Stock-raising an industry from which I had hoped much has not so far been a notable success. The conditions of Nigeria do not admit of “ranching” in the proper sense of the word, since there are no vast prairies ‘tenanted only by bison, on which great herds of stock can be grazed by European owners. In those districts, such as Bornu, where there are great spaces sparsely inhabited, the lack of water and paucity of forage, surround the problem with difficulties.
Existing conditions may be thus described large areas with a scanty population are to be found in Kontagora, Kabba and Borgu, but they are mostly infested with tsetse, and covered by sparse forest or giant grasses unsuitable for forage. Further North and East there are also great areas more or less suitable for cattle, but in so far as water and fodder permit, they are already grazed by vast herds of nomad and village cattle estimated at 3 million and flocks of sheep and goats (6 ¼ million), which are, in all probability, as much as the land in its present state can carry. Epizootic disease is rife.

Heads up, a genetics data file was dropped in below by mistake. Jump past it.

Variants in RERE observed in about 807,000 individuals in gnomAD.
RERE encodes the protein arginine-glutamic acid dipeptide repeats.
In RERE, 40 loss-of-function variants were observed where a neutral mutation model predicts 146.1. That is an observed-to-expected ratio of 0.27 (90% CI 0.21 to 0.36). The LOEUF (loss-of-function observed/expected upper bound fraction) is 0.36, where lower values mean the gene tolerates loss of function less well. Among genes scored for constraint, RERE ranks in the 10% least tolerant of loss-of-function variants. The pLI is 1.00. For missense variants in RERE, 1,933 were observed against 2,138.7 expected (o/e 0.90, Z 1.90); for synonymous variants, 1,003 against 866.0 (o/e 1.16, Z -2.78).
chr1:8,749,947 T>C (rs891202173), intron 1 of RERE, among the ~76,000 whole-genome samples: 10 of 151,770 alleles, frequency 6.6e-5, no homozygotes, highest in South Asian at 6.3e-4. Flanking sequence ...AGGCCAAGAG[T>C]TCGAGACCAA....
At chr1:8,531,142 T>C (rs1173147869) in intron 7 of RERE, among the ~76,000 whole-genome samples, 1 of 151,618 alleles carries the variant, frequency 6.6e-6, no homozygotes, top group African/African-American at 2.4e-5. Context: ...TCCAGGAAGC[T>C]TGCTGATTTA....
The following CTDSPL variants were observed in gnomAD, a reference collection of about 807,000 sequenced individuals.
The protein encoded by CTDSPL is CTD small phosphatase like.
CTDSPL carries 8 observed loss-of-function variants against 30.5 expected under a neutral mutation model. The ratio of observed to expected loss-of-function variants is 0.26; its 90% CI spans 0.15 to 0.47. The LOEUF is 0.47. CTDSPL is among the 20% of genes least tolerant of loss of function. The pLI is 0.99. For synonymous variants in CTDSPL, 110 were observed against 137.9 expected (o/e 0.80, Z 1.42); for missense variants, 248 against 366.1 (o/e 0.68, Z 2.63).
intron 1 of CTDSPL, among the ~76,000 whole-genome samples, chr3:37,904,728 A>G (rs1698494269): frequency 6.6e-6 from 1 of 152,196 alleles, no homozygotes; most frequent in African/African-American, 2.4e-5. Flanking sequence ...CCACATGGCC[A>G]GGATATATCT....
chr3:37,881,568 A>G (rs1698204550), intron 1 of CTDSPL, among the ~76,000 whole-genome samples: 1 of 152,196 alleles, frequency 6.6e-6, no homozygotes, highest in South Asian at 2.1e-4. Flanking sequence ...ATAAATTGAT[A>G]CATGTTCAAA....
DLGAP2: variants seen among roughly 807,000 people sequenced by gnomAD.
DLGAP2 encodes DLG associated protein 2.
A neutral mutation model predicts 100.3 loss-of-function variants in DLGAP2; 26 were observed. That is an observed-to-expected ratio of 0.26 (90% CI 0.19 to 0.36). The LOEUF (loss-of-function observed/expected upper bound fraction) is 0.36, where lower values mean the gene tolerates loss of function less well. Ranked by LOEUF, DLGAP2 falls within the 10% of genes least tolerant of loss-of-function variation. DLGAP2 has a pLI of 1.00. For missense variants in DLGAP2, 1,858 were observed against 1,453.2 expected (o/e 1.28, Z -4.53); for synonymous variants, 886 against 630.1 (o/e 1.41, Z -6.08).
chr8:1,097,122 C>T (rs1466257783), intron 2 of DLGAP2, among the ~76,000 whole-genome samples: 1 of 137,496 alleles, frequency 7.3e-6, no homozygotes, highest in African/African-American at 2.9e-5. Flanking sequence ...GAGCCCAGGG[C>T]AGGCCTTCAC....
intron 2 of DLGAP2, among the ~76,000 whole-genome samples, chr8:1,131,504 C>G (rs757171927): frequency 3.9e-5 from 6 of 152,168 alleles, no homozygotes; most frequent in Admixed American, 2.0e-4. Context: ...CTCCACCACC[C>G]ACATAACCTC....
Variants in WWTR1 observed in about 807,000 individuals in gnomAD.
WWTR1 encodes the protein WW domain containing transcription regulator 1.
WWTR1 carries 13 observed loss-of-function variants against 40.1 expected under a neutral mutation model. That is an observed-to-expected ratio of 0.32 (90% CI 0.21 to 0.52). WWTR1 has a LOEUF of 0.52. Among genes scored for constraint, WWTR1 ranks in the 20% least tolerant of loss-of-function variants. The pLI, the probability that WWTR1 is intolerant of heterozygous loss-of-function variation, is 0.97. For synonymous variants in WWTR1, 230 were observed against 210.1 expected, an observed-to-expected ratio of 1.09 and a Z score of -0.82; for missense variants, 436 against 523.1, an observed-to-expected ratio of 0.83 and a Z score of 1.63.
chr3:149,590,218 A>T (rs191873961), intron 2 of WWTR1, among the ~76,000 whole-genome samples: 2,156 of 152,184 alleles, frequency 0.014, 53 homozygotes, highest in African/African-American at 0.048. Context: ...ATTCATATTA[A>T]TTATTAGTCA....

The Government is pledged by the terms of the Land and Native Rights Ordinance (and indeed it is the root basis on which the policy of the country has been moulded) to act as Trustee for the native in regard to the land, and it would be contrary to this policy to exclude him from grazing areas so large as to afford scope for what is properly known as a ranch. On the other hand, it is manifestly desirable that British initiative and the results of scientific experience should he introduced, not only for the benefit of the revenue (which is to the eventual benefit of the native; and for the advantage of British trade, but also more directly for the benefit of the native since it is only by ocular demonstration that these wild cattle tribes can be taught to adopt butter methods. “Were the Annual increment of stock, which is at present lost by recurrent epizootic discuses, saved for export, it would probably form no mean cattle trade.